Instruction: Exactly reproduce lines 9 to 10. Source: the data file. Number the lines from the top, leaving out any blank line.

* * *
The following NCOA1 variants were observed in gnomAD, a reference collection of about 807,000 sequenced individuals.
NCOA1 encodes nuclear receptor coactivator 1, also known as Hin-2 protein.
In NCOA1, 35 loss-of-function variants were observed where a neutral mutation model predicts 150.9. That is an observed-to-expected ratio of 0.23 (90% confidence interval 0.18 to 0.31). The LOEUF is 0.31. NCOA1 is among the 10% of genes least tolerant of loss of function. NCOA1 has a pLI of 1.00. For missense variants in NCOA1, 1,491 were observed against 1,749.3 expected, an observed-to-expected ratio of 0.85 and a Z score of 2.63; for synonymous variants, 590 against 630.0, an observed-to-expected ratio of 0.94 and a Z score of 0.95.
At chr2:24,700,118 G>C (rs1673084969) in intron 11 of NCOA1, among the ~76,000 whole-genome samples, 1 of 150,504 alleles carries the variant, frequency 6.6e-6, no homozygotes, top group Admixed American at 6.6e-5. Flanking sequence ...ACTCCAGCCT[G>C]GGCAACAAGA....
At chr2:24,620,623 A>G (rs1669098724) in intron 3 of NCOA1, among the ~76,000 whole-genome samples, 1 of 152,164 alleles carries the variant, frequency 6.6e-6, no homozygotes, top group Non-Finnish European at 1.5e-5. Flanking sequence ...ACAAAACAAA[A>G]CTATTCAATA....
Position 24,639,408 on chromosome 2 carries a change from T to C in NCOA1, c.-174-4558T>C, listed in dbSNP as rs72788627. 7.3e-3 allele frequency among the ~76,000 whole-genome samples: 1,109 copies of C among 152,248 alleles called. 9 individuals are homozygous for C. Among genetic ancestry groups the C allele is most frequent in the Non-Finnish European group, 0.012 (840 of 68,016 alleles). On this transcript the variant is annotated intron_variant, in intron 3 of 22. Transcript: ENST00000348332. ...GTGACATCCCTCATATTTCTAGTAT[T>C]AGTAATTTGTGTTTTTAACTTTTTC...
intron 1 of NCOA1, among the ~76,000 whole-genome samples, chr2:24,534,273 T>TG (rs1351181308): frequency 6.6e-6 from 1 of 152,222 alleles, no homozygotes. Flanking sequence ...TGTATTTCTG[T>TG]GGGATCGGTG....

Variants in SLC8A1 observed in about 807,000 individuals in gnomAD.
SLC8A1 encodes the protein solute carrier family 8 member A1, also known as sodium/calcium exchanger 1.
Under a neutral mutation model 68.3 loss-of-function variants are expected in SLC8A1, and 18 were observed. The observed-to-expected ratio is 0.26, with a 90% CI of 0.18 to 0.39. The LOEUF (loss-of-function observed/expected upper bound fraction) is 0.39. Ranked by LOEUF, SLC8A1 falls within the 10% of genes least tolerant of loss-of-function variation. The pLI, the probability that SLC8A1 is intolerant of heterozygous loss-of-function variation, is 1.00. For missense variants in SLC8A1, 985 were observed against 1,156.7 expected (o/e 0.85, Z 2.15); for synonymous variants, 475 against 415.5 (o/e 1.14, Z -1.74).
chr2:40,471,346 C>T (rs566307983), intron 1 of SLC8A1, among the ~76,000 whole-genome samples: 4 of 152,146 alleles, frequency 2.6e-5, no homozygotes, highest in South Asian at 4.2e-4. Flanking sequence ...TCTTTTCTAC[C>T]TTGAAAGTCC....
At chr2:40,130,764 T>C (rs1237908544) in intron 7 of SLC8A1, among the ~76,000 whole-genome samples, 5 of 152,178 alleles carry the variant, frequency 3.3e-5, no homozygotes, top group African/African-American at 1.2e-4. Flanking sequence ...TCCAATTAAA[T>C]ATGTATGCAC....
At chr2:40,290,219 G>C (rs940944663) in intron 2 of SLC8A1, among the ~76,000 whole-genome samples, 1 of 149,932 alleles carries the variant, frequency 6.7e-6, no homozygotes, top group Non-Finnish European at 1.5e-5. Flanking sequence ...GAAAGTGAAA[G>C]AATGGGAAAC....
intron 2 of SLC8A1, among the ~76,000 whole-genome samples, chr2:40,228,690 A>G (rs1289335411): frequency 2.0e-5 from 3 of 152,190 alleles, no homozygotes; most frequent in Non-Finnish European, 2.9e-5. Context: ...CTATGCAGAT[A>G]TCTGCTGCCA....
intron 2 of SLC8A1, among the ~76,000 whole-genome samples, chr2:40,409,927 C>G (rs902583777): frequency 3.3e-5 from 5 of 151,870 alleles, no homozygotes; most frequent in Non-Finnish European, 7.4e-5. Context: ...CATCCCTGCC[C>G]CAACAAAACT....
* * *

SLC8A1 encodes the protein solute carrier family 8 member A1, also known as sodium/calcium exchanger 1.
Under a neutral mutation model 68.3 loss-of-function variants are expected in SLC8A1, and 18 were observed. The observed-to-expected ratio is 0.26, with a 90% CI of 0.18 to 0.39. The LOEUF (loss-of-function observed/expected upper bound fraction) is 0.39. Ranked by LOEUF, SLC8A1 falls within the 10% of genes least tolerant of loss-of-function variation. The pLI, the probability that SLC8A1 is intolerant of heterozygous loss-of-function variation, is 1.00. For missense variants in SLC8A1, 985 were observed against 1,156.7 expected (o/e 0.85, Z 2.15); for synonymous variants, 475 against 415.5 (o/e 1.14, Z -1.74).